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01.07.2019 Article

Sammy Darko writes: Rising reports of media intimidation dangerous

By Sammy Darko
Sammy Darko writes: Rising reports of media intimidation dangerous

The Journalists with ModernGhana say they were tortured. I have no independent verification of their claim but the repetition of torture by multiple sources both open and confidential sources without any plausible explanation/denial from National Security makes the situation even worrying.

The ModernGhana Journalists claim is the latest in a series of incidents that point to actions that clearly can be classified as “intimidating for media practice” in the country.

From Anas' #Number12 to the killing of Ahmed Suale to the aftermath of Manasseh's Militia story, the media space has seen some excess from security agencies [Police harassment especially] and agents of government that clearly point to the direction that all is not well with the government handling of media personnel deemed to have either published falsehood or committed a crime related to publication.

All this culminated in Ghana losing its enviable position as Africa's best-ranked country in the World Press Freedom Index having dropped four places from 23 to 27 in the 2019 edition. There appears to be a trend and the sooner the government deals with it, the better.

Interestingly, when colleagues go through such harassment, intimidation and oppression, the level of solidarity from the media itself has been low and people have sought to explain this by many theories. Some say the fear of being ostracized, losing support from government, or losing direct benefit or assistance from a politician or even getting fired for such open support.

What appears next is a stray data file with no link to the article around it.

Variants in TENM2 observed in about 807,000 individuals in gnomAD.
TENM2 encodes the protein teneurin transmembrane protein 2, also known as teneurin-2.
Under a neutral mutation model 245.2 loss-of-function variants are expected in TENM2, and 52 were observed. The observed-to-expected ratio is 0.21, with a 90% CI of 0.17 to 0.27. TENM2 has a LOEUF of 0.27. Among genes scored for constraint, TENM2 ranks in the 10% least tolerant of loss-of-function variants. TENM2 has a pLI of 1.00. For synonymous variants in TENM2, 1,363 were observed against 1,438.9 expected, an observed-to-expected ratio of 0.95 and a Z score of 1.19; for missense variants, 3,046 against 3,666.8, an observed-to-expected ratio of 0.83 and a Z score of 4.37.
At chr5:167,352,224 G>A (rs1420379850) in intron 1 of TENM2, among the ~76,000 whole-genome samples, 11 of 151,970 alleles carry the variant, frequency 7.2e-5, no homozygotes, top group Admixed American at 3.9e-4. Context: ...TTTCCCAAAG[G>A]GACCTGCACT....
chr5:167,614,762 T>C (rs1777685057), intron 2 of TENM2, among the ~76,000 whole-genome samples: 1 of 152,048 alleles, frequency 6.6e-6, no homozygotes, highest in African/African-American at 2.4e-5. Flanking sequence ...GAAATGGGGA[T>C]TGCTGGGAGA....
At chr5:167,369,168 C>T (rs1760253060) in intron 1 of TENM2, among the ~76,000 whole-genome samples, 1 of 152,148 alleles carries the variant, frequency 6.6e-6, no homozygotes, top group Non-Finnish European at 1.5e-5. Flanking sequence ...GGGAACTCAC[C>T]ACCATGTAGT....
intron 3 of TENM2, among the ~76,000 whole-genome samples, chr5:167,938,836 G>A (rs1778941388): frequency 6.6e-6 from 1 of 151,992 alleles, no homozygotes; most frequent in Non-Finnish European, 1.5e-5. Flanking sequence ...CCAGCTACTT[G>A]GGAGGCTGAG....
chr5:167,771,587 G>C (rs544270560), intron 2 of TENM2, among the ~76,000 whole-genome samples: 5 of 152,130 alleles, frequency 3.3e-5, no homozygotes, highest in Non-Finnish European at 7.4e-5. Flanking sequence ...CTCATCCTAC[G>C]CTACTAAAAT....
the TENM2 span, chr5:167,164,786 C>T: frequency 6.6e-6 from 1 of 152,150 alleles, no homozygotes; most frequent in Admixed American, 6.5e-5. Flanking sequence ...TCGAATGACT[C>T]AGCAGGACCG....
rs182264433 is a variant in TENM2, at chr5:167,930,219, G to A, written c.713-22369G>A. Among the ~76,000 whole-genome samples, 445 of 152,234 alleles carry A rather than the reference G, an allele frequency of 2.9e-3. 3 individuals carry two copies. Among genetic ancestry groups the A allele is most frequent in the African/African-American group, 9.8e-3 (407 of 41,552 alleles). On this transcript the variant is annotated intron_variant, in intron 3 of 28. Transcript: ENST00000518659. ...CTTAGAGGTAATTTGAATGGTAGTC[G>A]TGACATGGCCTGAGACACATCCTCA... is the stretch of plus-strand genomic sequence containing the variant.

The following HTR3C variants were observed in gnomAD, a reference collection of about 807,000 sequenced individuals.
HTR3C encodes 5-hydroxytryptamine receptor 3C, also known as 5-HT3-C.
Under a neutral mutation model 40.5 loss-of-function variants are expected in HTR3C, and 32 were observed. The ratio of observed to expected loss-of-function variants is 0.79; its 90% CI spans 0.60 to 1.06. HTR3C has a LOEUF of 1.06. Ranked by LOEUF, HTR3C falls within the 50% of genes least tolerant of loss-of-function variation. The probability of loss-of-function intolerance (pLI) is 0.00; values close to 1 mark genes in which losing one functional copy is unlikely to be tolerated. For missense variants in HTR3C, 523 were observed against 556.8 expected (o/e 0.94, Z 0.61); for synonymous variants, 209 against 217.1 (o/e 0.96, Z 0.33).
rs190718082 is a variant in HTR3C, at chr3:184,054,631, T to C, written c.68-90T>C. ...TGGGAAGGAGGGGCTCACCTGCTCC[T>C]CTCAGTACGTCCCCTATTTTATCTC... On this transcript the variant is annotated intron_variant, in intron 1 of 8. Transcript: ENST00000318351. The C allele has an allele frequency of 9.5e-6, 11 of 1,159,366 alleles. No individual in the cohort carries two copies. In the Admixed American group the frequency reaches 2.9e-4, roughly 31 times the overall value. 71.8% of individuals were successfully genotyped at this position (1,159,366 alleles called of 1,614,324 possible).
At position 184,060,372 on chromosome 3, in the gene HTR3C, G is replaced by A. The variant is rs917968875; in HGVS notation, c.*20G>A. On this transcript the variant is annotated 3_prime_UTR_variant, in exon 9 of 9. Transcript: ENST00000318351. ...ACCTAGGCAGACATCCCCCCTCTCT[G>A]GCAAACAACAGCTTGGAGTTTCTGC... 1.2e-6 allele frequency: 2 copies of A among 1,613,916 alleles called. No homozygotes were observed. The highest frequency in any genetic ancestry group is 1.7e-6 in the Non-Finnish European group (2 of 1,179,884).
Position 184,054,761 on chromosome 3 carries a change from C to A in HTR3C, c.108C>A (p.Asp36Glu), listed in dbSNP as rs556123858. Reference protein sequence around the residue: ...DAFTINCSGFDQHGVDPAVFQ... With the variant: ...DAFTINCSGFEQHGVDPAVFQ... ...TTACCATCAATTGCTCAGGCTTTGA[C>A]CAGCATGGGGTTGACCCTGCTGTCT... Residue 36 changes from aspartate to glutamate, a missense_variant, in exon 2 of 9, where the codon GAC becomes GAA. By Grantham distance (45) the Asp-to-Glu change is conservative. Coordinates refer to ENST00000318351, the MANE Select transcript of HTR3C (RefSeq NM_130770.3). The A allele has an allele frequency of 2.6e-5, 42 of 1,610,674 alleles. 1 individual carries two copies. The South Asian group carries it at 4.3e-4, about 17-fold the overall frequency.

Others outside the media have also explained with excuses such as threat and/or attack on press freedom is isolated, it is only happening to miscreants or unprofessional journalists, they are doing a bad job, are journalists above the law blablabla.

Be that as it may it is important to know that journalists under attack simply means media attack- period. The constitution of Ghana provides better avenue for seeking redress in response to media excess. For instance you can maintain a legal action in the form of defamation or seek for rejoinder or file a complaint at NMC. This is constitutional and responsible way.

Civility of democratic decency does not promote any other means including torturing and worse is the killing of pressmen like the case of Ahmed Hussein Suale. May his soul rest in peace. Such means is akin to mob (in) justice.

It is understandable that loosing the privilege of power, influence and an ending semblance of power is not a joke, more so if it is because of the work or publication of a journalists. However, maintenance of media and human rights is the surest way to build democracy.

This is the sort of solidarity, I guess we all need to lend to the media. The media's job has clearly been defined in article 162 (4) (5) of our constitution and this they shall without fear or favor. Emphasis mine.

“Editors and publishers of newspaper and other institutions of the mass media shall not be subject to control or interference by government, nor shall they be penalized or harassed for their editorial opinions and views, or the content of their publications”

All agencies of the mass media shall, at all times, be free to uphold the principles, provisions and objectives of this Constitution, and shall uphold the responsibility and accountability of the government to the people of Ghana.”

In doing this, when they err, let's use and follow the law in seeking redress. Simple

The author Sammy Darko is a lawyer and former BBC Correspondent for Ghana.

Disclaimer: "The views/contents expressed in this article are the sole responsibility of the author(s) and do not neccessarily reflect those of Modern Ghana. Modern Ghana will not be responsible or liable for any inaccurate or incorrect statements contained in this article."